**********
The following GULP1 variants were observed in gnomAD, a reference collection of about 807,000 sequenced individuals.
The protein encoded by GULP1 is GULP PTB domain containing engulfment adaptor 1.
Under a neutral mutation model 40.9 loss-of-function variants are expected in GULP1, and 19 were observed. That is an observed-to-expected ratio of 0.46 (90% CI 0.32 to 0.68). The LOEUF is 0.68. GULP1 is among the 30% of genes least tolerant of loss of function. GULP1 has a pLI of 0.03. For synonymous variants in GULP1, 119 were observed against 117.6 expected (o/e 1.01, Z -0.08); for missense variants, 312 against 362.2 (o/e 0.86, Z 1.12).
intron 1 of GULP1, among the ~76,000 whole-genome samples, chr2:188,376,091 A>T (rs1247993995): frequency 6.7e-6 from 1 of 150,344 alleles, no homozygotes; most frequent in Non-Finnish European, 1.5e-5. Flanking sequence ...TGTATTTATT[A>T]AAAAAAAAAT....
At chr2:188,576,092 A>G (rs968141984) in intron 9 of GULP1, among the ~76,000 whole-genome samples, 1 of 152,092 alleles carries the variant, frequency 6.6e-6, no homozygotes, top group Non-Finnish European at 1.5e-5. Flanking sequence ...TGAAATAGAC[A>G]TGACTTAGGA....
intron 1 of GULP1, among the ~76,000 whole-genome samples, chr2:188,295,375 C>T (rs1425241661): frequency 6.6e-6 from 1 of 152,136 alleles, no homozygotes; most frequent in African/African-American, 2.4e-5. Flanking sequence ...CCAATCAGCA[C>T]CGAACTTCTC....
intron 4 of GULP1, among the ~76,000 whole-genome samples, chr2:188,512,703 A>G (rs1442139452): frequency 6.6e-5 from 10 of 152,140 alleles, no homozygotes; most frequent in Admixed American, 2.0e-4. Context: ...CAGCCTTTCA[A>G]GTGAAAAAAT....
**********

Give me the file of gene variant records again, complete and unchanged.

The following GULP1 variants were observed in gnomAD, a reference collection of about 807,000 sequenced individuals.
The protein encoded by GULP1 is GULP PTB domain containing engulfment adaptor 1.
Under a neutral mutation model 40.9 loss-of-function variants are expected in GULP1, and 19 were observed. That is an observed-to-expected ratio of 0.46 (90% CI 0.32 to 0.68). The LOEUF is 0.68. GULP1 is among the 30% of genes least tolerant of loss of function. GULP1 has a pLI of 0.03. For synonymous variants in GULP1, 119 were observed against 117.6 expected (o/e 1.01, Z -0.08); for missense variants, 312 against 362.2 (o/e 0.86, Z 1.12).
intron 1 of GULP1, among the ~76,000 whole-genome samples, chr2:188,376,091 A>T (rs1247993995): frequency 6.7e-6 from 1 of 150,344 alleles, no homozygotes; most frequent in Non-Finnish European, 1.5e-5. Flanking sequence ...TGTATTTATT[A>T]AAAAAAAAAT....
At chr2:188,576,092 A>G (rs968141984) in intron 9 of GULP1, among the ~76,000 whole-genome samples, 1 of 152,092 alleles carries the variant, frequency 6.6e-6, no homozygotes, top group Non-Finnish European at 1.5e-5. Flanking sequence ...TGAAATAGAC[A>G]TGACTTAGGA....
intron 1 of GULP1, among the ~76,000 whole-genome samples, chr2:188,295,375 C>T (rs1425241661): frequency 6.6e-6 from 1 of 152,136 alleles, no homozygotes; most frequent in African/African-American, 2.4e-5. Flanking sequence ...CCAATCAGCA[C>T]CGAACTTCTC....
intron 4 of GULP1, among the ~76,000 whole-genome samples, chr2:188,512,703 A>G (rs1442139452): frequency 6.6e-5 from 10 of 152,140 alleles, no homozygotes; most frequent in Admixed American, 2.0e-4. Context: ...CAGCCTTTCA[A>G]GTGAAAAAAT....